Passion For Food – The Best Pintxos In San Sebastian, Spain

Updated: SEPTEMBER 2021

The fact that San Sebastian is home to two of the top 50 restaurants in the world and boasts more Michelin stars per capita than any other city is an indication of the Donostiarra passion for food.

That many residential complexes come fitted with state of the art community kitchens in lieu of gyms or swimming pools is even more telling. As are the numerous sociedad gastron贸mica (also known as Txoko): male only gourmet clubs where members get together to socialize and discuss, yes, food! Membership is hereditary.

Interestingly, the companies of drummers in the annual La Tamborada festival are entirely made up of representatives of these societies. They usually dress up as soldiers and cooks.

Our expert local for the evening, Jon Galdos of Basque Tours, showed us around the premises of the club he belongs to while providng fascinating insights into its origin and the honour system they follow in its use and maintenance. Members take turns cooking gourmet meals for family and friends on weekends and on special occasions.

Hardly surprising, therefore, that almost every taberna in town dishes up the freshest, most ingenious pintxos that would not be out of place in the top restaurants of the world.

The culture of miniature tapas arrived in San Sebastian with the influx of Spanish aristocrats in the 1930鈥檚. Along the way, the tapas tradition morphed into something intrinsically homegrown.

The anchoring slice of baguette was swapped for a fine stick (pintxo) pierced through quintessential Basque ingredients in place of the ubiquitous ham and cheese. Another distinction is that while Spanish tapas originated as a complimentary snack served with drinks, pintxos were always freshly prepared and never free.

The ambience in the pintxo bars, although fun, is far from refined. It is self service only. Plates are sometimes chipped. The floor traditionally littered with crumpled paper napkins.

But the food is haute cuisine. Everyday gourmet at a fraction of the price.

Slightly charred piece of smoked octopus in piment贸n vinaigrette on a white plate.


Best Pintxo Bars In San Sebastian & The Pintxos To Order in Each

Taberna Gandarias (31 de Agosto Kalea, 23)

A traditional bar cum restaurant very popular with locals and tourists alike. This was the very first pintxo bar we visited on our own and I relied on sign language and luck to order a crostini type pintxo of goat cheese and pistachios, roasted red peppers with a sweet balsamic dressing, and fried guindilla peppers dusted with rock salt (My perception of myself as a picky non vegetarian hadn’t yet been shattered). R had a ham and cheese tart with聽soft cooked eggs聽and we shared a hot聽shrimp tart in bechamel sauce,聽washed down with txakoli. All delicious.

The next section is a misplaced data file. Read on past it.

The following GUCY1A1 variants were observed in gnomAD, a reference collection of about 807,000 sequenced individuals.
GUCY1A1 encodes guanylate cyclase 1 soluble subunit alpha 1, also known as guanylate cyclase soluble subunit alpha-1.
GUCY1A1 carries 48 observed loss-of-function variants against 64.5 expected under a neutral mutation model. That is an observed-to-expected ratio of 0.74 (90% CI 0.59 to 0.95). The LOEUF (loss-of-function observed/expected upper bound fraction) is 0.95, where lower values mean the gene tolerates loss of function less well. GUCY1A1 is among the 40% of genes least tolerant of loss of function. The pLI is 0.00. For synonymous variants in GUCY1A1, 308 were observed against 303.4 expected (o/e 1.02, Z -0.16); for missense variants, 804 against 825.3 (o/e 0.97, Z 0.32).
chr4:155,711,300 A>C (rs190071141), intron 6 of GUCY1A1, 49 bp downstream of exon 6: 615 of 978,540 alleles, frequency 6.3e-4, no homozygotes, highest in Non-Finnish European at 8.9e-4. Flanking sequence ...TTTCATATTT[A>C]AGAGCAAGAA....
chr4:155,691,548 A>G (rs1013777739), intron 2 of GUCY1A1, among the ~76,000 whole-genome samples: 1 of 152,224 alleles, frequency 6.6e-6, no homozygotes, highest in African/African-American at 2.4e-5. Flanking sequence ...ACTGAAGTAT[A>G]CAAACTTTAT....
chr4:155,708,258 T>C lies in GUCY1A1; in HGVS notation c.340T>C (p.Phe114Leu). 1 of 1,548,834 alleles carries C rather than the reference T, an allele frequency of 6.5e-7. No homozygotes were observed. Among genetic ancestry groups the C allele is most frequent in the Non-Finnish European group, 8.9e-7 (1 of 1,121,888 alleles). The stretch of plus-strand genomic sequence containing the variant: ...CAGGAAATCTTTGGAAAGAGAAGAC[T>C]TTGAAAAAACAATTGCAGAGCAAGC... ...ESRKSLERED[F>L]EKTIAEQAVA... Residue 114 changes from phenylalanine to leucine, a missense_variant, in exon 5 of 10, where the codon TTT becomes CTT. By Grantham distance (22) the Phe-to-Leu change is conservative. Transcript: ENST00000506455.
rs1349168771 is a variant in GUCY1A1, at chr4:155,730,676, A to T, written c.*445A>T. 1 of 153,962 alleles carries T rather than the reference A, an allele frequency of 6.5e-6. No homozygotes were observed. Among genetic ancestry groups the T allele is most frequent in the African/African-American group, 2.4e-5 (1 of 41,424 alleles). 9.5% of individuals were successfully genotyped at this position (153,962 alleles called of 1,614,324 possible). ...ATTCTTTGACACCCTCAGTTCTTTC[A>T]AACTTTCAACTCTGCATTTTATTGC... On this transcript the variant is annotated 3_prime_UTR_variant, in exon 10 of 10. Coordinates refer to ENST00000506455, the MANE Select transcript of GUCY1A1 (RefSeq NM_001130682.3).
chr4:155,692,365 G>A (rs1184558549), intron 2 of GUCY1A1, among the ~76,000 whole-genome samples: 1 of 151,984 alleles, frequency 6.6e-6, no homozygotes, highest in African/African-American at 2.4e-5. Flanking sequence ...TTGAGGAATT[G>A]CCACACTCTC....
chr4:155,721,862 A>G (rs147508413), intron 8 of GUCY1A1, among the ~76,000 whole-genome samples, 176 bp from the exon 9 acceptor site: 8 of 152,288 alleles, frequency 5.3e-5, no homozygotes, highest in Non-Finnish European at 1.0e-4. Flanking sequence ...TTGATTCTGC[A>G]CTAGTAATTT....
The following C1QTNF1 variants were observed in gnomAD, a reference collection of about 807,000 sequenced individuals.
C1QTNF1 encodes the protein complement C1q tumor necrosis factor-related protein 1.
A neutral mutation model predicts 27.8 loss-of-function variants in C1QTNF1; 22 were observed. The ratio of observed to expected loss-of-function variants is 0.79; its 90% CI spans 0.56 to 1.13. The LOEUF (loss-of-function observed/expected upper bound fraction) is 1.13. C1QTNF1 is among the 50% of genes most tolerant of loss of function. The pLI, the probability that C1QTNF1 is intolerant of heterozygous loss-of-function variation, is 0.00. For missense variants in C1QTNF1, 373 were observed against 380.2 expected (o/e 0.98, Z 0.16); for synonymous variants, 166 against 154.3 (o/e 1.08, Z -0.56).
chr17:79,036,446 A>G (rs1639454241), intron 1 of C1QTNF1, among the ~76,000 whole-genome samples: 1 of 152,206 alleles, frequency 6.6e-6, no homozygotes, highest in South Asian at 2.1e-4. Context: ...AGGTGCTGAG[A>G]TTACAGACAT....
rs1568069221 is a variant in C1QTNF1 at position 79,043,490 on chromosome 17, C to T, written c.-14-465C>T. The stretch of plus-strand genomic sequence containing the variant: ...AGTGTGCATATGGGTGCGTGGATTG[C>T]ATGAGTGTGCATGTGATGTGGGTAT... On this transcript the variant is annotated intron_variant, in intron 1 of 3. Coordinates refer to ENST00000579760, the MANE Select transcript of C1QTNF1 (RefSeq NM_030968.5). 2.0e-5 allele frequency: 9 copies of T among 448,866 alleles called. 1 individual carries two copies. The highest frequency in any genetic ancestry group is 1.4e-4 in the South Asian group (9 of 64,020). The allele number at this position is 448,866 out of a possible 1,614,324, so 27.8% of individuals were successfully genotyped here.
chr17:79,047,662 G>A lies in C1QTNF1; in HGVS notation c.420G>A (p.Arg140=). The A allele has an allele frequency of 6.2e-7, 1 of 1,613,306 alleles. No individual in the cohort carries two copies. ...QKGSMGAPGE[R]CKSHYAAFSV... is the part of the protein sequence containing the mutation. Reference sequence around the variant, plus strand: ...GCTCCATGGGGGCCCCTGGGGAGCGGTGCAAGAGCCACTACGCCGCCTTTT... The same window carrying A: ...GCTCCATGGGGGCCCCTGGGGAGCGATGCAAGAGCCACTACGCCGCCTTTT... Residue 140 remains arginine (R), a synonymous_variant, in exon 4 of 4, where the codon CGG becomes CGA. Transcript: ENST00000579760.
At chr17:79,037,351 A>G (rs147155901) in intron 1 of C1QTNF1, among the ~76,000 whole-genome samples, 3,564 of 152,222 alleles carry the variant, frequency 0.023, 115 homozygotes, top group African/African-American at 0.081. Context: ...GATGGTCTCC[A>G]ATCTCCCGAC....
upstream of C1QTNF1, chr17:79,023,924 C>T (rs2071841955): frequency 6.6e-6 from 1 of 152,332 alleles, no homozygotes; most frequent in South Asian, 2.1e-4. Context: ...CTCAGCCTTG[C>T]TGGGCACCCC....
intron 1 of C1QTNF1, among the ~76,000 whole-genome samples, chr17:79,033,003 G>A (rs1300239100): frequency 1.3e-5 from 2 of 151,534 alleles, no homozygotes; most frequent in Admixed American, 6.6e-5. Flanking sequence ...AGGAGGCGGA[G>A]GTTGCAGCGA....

But the key, we realise, is NOT to point and choose from the array on the counter but ask for freshly prepared especialidad de la casa from their chalkboards. And the house special here, we learn later, is pigs nose! Their foie comes highly recommended as well and they have a mean selection of wines.

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Borda Berri聽(Fermin Calbeton Kalea, 12)

This experimental bar was the first stop on our pintxo tour with Jon. The聽pulpo en vinagreta ahumado (smoked octopus in piment贸n vinaigrette, with chunks of membrillo), was pure heaven. And I don’t even like octopus! It was cooked to perfection…melt in the mouth tender with just the right amount of spice and tartness. Paired with a light Txakoli.

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Bar Zeruko: (Arrandegi Kalea, 10)

A hip bar that attempts molecular gastronomy techniques and as you can see, suitably elaborate presentations. We tried two of their聽specialidad de la casas:

La Hoguera (bonfire): a thin slice of skewered fresh bacalao (codfish) on a mini grate to be seared to preference on each side then placed on the accompanying bread and parsley cream before popping in the mouth. Followed immediately by the test tube shot of ‘salad’ essence!

The less complicated ‘Rosa de Bogavante‘聽was聽a聽piping hot butter, garlic聽saut茅ed聽lobster ‘rose’, topped with light mayonnaise聽and聽attached to a crisp green cracker ‘leaf’聽sticking out of聽a container of rose infused liquid (not drinkable!) with dramatic white vapour wafting out of it!聽It wasn’t all spectacle聽though. The flavours exploded in our聽mouths. I could easily have eaten a dozen.

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Atari Gastroteka (Calle Mayor 18)

This very popular bar has the most enviable corner location, with a terrace facing the Basilica of Santa Maria. We had written this off as too touristy that morning but the beautifully grilled merluzo (hake)聽served over聽a red spicy sauce, and the little聽bowls of grilled聽mushrooms topped with soft cooked, runny yoked eggs (no photo, but possibly my favourite of the evening) were both delicately balanced and full of flavour.

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Bar Astelehena聽(Plaza de la Constituci贸n 15)

This is a small, atmospheric bar on a corner of the arcaded bull ring turned Constitution Square, with enough crumpled napkins on the floor to certify its popularity. The hot specialities were聽astelana rabo de buey聽(the most tenderoxtail) and聽txipir贸n plancha (grilled squid).聽

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La Vina – (Calle del Treinta y Uno de Agosto, 3)

Another lovely, buzzing bar famed for its tarta de queso (baked cheesecake). While La Vina’s stellar dessert steals the show, their pintxos stand on their own. Our four fun companions freaked out on some fabulous boquerones (Mediterranean white anchovies marinated in olive oil, roasted garlic, parsley & vinegar).

That cheesecake聽was all it was feted to be. Even some聽New Yorkers sharing pavement space with us couldn’t stop raving聽about it. Be warned, portions聽are huge. We shared three between the six of us, and it was way聽much.

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Shot with one hand, at the end of that deliciously tipsy evening. I forget at what point I switched from white to red!

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La Cuchara de San Telmo聽– (Calle del Treinta y Uno de Agosto, 28)